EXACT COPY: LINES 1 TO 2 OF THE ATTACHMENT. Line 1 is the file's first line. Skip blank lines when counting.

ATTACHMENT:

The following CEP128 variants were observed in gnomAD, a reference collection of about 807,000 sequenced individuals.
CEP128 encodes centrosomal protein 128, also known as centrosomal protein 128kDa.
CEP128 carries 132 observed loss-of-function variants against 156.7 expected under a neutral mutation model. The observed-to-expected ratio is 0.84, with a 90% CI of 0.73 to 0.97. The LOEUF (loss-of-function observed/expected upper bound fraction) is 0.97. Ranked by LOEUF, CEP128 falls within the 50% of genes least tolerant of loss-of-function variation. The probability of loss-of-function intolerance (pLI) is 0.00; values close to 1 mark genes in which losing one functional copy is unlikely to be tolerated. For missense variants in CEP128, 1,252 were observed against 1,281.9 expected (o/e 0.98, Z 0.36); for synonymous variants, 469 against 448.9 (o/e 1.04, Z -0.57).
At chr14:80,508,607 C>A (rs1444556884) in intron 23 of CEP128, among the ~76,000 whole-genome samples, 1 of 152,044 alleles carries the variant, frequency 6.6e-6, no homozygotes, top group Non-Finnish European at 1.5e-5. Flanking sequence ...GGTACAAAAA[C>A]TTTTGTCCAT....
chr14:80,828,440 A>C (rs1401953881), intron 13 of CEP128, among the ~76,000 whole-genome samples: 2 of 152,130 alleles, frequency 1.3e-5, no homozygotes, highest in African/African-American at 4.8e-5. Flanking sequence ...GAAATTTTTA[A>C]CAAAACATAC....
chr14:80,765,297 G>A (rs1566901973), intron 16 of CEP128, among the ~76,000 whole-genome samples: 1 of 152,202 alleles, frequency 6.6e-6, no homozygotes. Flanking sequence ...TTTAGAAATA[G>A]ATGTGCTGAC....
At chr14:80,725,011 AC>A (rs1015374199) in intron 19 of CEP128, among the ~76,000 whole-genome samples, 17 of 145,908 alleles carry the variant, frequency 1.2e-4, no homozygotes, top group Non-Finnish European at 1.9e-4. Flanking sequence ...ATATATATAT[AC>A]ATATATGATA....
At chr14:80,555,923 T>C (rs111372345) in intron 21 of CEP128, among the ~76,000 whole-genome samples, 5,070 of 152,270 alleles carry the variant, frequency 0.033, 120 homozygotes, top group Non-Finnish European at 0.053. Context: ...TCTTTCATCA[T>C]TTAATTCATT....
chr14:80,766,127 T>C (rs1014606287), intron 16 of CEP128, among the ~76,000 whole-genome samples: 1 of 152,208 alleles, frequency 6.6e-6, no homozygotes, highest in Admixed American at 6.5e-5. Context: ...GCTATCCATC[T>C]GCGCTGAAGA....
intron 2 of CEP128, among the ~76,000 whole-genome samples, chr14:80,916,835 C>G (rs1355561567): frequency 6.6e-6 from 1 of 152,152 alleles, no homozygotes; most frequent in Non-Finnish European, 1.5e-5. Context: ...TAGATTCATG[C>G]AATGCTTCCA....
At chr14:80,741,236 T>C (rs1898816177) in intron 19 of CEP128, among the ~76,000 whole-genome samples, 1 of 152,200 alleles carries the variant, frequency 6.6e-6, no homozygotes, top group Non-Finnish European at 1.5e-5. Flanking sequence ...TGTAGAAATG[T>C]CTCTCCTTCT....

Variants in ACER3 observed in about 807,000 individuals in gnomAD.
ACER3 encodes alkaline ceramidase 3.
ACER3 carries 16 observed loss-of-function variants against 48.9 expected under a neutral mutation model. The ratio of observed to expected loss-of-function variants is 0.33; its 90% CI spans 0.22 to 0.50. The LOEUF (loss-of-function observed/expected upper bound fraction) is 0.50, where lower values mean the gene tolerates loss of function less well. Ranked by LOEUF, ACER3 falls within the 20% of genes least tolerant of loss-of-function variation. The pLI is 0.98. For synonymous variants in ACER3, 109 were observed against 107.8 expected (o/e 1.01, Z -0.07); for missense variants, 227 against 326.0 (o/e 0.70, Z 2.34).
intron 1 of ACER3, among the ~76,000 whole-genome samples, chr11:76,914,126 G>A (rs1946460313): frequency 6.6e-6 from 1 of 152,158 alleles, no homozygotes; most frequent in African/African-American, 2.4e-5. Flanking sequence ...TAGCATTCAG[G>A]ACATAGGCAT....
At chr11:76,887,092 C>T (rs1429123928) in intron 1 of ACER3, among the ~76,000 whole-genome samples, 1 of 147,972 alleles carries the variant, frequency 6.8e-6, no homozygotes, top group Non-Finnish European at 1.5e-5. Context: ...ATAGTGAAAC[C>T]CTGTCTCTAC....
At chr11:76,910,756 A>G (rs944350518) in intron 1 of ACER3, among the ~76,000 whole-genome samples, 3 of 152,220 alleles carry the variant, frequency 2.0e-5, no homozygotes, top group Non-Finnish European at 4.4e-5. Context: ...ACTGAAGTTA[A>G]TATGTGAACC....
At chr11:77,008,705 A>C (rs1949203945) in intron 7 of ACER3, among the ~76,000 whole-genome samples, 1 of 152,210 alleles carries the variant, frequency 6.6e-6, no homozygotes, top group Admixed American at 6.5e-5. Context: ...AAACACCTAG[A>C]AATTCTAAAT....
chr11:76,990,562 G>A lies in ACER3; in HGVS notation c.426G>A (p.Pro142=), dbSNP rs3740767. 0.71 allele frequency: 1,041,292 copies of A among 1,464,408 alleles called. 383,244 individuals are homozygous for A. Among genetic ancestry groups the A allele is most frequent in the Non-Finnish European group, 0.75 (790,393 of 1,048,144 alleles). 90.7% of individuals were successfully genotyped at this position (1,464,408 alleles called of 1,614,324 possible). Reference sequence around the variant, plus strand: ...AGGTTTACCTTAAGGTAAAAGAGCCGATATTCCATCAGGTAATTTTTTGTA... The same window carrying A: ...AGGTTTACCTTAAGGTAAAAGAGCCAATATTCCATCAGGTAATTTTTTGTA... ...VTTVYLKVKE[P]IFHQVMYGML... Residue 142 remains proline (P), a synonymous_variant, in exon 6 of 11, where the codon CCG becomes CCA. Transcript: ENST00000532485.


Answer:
The following CEP128 variants were observed in gnomAD, a reference collection of about 807,000 sequenced individuals.
CEP128 encodes centrosomal protein 128, also known as centrosomal protein 128kDa.